## ag.algebraic geometry – Construction of derived Quot scheme

I study the construction of derived Quot schemes in paper “ Shifted symplectic structures on derived Quot-stacks ”(arXiv:1908.03021).

Derived quot stacks are constructed from sheaves of non-positively graded dg algebras in section 3 of the paper.

In particular, I have some question about differentials of the dg algebras.

Question

1) The last line of page 14, a differential is constructed by the morphism

$$mathcal{V}_j otimes left (bigotimes_{1 leq l leq m+1} mathcal{A}_{i_l} right) otimes (W_i)^vee rightarrow mathcal{V}_j otimes left (bigotimes_{1 leq l leq m} mathcal{A}_{i_l} right) otimes (W_{i+i_{m+1}})^vee$$ .

However it seems to me this morphism does not degree 0 morphism and this should be the morphism

$$mathcal{V}_j otimes left (bigotimes_{1 leq l leq m+1} mathcal{A}_{i_l} right) otimes (W_{i+i_{m+1}})^vee rightarrow mathcal{V}_j otimes left (bigotimes_{1 leq l leq m} mathcal{A}_{i_l} right) otimes (W_{i})^vee$$.

Is this correct ?

2) Does the differential $$delta_W$$ constructed from the above morphism really become a differential ?
It seems to me that $${delta_W}^2 neq 0$$

3) Do we need the differential on $$C^{bullet}$$ constructed from the multiplication on $$oplus mathcal{A_i}$$ like that on $$B^{bullet}$$ on line 10 of page 13.

Thank you !

## dg.differential geometry – Smoothness of conformal transformations

Given a smooth pseudo-Riemannian manifold $$(M,g)$$ one can define the conformal group as the set of smooth diffeomorphisms $$varphi:Mto M$$ such that there is a positive smooth function $$u$$ with $$varphi^ast g=ug$$. One could also define it as the set of all $$C^1$$-diffeomorphisms $$varphi:Mto M$$ such that there is a positive continuous function $$u$$ with $$varphi^ast g=ug$$. One could also define intermediate cases. I would expect these to be the same but it does not seem obvious, can someone clarify? Do any such answers rely on $$M$$ being Hausdorff or second-countable/paracompact?

## complex geometry – Characterization of a domain of holomorphy

I need to show that the property of being a domain of holomorphy is the same as being a holomorphically convex domain (this result is known as Cartan-Thullen theorem). However, the proofs I found in textbooks (e.g. Shabat) look ugly and are hard to digest.

Is there a reference with a better proof? Can you share your intuition on looking at this result? Thanks in advance.

## ag.algebraic geometry – Moduli of rational equivalent classes of 0-cycles

Let $$X$$ be a smooth variety over a field $$k$$ and I’d like to think about $$CH_0(X)$$ the 0-Chow group i.e. the group of rational equivalent classes of 0-cycles. I’m wondering if there is any reasonable formulation to make sense of “family”/”moduli” of rational equivalent classes of 0-cycles, forming an fppf sheaf over $$text{Spec} k$$? If there is such a sheaf, is there any chance the sheaf is actually representable?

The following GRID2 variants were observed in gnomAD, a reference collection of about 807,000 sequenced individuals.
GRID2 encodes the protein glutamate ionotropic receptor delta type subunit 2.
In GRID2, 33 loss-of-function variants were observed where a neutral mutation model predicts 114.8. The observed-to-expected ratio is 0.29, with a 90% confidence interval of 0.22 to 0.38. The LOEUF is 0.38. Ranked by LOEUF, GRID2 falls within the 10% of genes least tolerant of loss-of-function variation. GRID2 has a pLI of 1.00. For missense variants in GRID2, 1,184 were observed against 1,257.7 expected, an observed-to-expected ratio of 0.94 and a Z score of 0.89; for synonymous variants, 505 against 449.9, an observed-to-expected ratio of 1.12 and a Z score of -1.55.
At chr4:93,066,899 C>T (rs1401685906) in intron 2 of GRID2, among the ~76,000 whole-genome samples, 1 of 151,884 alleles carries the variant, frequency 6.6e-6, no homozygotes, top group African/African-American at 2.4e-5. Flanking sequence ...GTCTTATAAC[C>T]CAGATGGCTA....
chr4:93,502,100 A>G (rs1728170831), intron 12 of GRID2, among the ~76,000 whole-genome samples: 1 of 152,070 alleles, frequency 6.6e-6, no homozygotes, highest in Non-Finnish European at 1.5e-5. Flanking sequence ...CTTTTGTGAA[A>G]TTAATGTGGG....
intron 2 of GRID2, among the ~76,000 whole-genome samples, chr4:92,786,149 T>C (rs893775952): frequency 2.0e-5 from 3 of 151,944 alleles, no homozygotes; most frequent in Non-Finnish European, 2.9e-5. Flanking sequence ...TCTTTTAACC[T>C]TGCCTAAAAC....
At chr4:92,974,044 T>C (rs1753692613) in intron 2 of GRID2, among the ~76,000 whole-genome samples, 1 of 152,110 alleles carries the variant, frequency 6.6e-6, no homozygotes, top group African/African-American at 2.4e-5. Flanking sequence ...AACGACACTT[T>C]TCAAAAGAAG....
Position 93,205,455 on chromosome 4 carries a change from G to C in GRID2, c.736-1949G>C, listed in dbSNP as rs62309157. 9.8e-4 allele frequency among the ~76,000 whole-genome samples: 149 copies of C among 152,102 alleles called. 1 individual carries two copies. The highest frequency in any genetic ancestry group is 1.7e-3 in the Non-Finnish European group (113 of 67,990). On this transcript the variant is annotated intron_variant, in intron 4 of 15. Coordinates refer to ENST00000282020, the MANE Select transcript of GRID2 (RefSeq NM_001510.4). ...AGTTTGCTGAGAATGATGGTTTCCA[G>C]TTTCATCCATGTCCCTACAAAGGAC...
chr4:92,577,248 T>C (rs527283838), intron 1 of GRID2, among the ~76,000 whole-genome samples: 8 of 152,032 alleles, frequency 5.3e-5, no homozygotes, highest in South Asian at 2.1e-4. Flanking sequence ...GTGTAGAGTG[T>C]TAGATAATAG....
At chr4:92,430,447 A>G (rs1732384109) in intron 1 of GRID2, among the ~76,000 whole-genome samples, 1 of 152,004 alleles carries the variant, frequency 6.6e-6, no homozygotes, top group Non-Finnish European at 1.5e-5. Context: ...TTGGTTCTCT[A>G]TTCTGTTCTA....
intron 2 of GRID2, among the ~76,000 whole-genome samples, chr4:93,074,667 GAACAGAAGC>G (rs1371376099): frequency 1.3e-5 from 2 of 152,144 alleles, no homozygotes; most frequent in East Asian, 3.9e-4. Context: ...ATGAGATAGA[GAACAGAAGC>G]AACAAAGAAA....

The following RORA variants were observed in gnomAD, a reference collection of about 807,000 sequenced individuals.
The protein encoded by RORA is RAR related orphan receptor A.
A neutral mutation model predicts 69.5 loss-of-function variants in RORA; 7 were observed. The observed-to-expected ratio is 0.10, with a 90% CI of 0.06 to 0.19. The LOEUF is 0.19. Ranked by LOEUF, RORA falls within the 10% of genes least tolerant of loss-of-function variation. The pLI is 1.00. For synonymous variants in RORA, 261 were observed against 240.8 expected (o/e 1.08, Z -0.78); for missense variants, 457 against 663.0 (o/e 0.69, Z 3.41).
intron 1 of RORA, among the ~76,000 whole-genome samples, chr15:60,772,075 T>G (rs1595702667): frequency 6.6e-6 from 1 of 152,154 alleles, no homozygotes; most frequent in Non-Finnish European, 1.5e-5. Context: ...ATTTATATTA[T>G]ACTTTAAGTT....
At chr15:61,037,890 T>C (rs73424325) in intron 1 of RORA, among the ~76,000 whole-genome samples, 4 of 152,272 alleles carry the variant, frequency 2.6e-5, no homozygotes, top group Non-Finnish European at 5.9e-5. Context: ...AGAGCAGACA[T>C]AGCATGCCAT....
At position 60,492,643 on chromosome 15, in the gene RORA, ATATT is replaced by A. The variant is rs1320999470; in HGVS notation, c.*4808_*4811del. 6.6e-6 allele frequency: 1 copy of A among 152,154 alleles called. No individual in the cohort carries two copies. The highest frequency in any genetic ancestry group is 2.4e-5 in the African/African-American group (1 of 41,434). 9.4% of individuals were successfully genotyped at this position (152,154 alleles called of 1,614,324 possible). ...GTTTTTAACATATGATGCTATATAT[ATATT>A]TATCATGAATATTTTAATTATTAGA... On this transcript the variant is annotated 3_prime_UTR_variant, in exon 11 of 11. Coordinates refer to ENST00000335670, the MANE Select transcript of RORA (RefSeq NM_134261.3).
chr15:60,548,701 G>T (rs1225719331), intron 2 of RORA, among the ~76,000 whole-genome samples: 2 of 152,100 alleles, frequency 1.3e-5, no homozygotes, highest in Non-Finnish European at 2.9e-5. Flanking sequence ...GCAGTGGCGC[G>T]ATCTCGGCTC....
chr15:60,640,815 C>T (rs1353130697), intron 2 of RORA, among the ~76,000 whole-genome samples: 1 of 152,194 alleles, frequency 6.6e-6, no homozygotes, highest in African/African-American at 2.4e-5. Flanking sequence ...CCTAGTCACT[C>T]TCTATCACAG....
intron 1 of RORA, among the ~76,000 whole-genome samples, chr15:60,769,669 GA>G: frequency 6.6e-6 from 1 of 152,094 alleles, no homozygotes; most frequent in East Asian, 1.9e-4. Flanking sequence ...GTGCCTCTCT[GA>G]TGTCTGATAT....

A quick literature search shows some work on certain formulations of “Chow schemes”. But, they seem to parametrize the 0-cycles, instead of the rational equivalent classes.

A known example: if X is in addition one dimensional and proper, we can speak of the Picard scheme which represents the relative Picard functor. I would really like to know what happens when the dimension goes higher.

## mathematics – Cylindrical billboarding around an arbitrary axis in geometry shader

I found an answer on this site relating to this question already, but it doesn’t seem applicable in the context of my project.

Basically I’d like to create a method which fits this signature:

``````float3x3 AxisBillboard(float3 source, float3 target, float3 axis)
``````

That is to say, when given a source point (i.e an object’s position in world space), a target (camera position in world space), and an axis (the object’s up vector, which is not necessarily the global y axis), it produces a 3×3 rotation matrix by which I can multiply the vertices of my point so that it’s properly rotated.

I’ve found many solutions and tutorials online which work nicely assuming I only want to rotate around the y axis.

For example, here’s a solution which billboards around the global y axis:

``````float3 dir = normalize(target - source);

float angleY = atan2(dir.x, dir.z);
c = cos(angleY);
s = sin(angleY);

float3x3 rotYMatrix;
rotYMatrix(0).xyz = float3(c, 0, s);
rotYMatrix(1).xyz = float3(0, 1, 0);
rotYMatrix(2).xyz = float3(-s, 0, c);
``````